In November I removed all the entries from the OCR software section which did not have their own articles or were obviously promotional. Unfortunately, once again the table is full of indisciminate examples which in some cases appear blatantly promotional. I'm going to remove these all again in the future. Chris Cunningham (not at work) - talk 19:23, 13 March 2009 (UTC)
Mac OS support
TypeReader does not appear to sell a Mac OS compatible version any longer.
OmniPage does offer a Mac OS version, but it hasn't been updated in years. It lists the system requirements as Mac OS 9 or Mac OS X 10.1. There is no mention on the Nuance web page showing system requirements of whether or not it works with Mac OS 10.2 or later (current Mac OS X is 10.5).
I believe both of those should either have Mac OS removed from the supported OS columns or a footnote added saying Mac OS support is deprecated or discontinued. 184.108.40.206 (talk) 17:03, 22 March 2009 (UTC) 2009-03-21. Geoff Strickler
A solved problem?
Proposal to Split - software tables
I strongly support the proposal to split the OCR software table, made in October 2009, into a separate article. I suggest that both tables OCR software and OCR software language support, be moved into a separate page, along with the relevant talk sections. I also suggest that the page be entitled Comparison of OCR software and placed into the category Software comparisons Artemgy (talk) 08:21, 28 November 2009 (UTC)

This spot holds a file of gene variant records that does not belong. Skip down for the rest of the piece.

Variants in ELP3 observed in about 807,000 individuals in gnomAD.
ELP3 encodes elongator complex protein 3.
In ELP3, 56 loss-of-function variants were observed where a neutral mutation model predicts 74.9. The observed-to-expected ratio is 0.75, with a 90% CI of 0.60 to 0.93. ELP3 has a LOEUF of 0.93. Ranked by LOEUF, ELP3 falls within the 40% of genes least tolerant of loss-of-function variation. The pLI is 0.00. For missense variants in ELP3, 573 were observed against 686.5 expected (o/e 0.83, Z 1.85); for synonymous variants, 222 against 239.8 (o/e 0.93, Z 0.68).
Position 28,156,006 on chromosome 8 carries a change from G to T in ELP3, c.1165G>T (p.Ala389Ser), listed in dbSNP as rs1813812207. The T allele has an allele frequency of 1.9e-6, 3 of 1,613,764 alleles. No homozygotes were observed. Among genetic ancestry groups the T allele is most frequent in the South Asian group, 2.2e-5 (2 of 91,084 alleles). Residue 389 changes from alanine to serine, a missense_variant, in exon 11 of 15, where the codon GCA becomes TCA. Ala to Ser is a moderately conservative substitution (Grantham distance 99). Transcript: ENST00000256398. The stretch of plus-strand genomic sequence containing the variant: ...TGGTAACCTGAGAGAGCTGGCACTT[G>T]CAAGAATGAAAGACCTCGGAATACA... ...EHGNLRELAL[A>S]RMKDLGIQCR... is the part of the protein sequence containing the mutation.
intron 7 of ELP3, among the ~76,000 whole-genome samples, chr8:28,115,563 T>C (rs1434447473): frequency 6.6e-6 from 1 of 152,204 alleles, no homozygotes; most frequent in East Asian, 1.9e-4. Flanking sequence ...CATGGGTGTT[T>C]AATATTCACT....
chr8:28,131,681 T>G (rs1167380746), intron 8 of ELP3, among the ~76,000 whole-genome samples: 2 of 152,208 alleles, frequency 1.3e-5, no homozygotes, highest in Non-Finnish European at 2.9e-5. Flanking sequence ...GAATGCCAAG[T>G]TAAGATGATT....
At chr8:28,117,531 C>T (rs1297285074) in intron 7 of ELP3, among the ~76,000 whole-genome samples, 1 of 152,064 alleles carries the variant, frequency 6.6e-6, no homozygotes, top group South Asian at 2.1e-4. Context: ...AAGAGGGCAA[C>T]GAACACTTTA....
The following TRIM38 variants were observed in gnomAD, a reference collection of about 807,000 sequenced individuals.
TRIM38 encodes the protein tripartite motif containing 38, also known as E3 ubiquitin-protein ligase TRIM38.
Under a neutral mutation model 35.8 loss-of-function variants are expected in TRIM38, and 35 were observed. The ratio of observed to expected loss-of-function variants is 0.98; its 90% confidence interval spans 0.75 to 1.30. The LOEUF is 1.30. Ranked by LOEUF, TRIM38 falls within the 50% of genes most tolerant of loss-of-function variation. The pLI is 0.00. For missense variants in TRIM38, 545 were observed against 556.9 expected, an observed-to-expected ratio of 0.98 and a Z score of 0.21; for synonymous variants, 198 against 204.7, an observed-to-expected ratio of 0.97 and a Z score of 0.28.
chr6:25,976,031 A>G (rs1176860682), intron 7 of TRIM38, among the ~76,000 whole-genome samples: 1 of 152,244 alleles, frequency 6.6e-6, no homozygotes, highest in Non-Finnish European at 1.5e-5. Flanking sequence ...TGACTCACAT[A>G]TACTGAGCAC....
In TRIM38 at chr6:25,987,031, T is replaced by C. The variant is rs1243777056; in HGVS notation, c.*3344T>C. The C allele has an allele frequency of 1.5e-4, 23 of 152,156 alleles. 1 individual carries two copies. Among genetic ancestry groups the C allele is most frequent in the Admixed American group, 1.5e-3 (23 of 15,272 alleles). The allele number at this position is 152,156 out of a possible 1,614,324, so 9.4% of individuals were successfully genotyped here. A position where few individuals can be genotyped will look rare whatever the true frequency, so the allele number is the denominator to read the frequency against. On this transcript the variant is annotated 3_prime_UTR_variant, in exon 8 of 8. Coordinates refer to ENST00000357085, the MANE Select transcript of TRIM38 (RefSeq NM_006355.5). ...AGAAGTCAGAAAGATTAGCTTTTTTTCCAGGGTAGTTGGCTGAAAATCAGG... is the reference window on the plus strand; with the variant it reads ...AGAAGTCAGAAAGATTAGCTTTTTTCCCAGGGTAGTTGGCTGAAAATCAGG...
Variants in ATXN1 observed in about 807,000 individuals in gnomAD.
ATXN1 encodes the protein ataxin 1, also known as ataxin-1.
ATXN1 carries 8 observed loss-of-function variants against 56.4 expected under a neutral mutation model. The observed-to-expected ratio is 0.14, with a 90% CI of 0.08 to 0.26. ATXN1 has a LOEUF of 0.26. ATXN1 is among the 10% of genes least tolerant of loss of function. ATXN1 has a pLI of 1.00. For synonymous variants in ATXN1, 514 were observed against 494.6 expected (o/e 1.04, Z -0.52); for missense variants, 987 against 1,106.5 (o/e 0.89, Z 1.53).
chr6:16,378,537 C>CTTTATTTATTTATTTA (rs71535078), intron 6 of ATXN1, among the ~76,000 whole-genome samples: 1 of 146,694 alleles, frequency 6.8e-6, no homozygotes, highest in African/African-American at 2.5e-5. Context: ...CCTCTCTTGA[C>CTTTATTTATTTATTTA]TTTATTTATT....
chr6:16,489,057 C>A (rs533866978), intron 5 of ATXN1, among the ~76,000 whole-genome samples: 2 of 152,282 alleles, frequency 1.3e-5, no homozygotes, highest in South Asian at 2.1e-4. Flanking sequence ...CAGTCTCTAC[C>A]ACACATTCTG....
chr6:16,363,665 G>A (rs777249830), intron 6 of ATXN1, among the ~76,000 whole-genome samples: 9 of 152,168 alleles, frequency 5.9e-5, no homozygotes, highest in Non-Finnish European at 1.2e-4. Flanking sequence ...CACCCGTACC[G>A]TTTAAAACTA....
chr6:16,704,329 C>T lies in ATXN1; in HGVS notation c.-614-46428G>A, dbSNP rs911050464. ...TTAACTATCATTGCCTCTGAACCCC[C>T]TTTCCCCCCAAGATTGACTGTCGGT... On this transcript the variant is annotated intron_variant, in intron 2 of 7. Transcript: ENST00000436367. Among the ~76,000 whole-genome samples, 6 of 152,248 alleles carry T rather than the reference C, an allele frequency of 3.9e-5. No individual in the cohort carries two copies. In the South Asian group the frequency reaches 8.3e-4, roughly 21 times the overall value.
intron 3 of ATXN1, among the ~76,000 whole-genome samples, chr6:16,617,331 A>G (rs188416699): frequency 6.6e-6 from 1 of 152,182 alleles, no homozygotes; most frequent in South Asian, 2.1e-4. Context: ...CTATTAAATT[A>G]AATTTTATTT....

I also suggest to split OCR software table. Vcgupta 20:05, 28 December 2009
Typical accuracy rates are inaccurate and need a citation
The accuracy rate in industrial applications is less than 95%. The article suggests a 99% accuracy which might be achieved in a lab under non realistic conditions. I suggest rephrasing this sentence and researching the accuracy rate under different circumstances. —Preceding unsigned comment added by Mudx77 (talk • contribs) 09:42, 24 January 2010 (UTC)
Did GF Handel REALLY live over 200 years and invent an OCR algorithm?
Doesn't "With IT technology development" seem strange? IT technology??? Is it okay to say information technology technology? — Preceding unsigned comment added by 220.127.116.11 (talk) 00:00, 23 December 2011 (UTC)
- Definitely! Though this has since been removed from the article. -- Beland (talk) 05:36, 28 March 2013 (UTC)
Does not describe different aspects/problems/algorithms/approaches to OCR
For example, identifying paragraphs, identifying lines, identifying word borders, using Directed Acyclic Graphs of possible letter recognitions (i.e. encoding the different possible character sequences for a words image: dam darn, case ease, and more complicated examples [[vv/w][c/e][t/i/l][c/e][o/0][rn/m][c/e]] for "welcome" which are most compactly described by DAG) how individual characters are identified (with high dpi: tracing outlines of the characters, at low dpi: patternmatching (dunno, autocorrelation, neural networks,...?)), identifying images,...
there is no description of the current state of approaching different kinds of characters: what methods work better for low dpi/high dpi, handwritten/typeset, kinds of alphabets, dealing with layout, ... — Preceding unsigned comment added by 18.104.22.168 (talk) 14:09, 9 January 2012 (UTC)
- I found the same information lacking, so I scraped some together and added it. -- Beland (talk) 05:35, 28 March 2013 (UTC)
Robotics attention needed
- Refs - large chunks of text have no refs
- MoS compliance checks
- Content - all topics covered?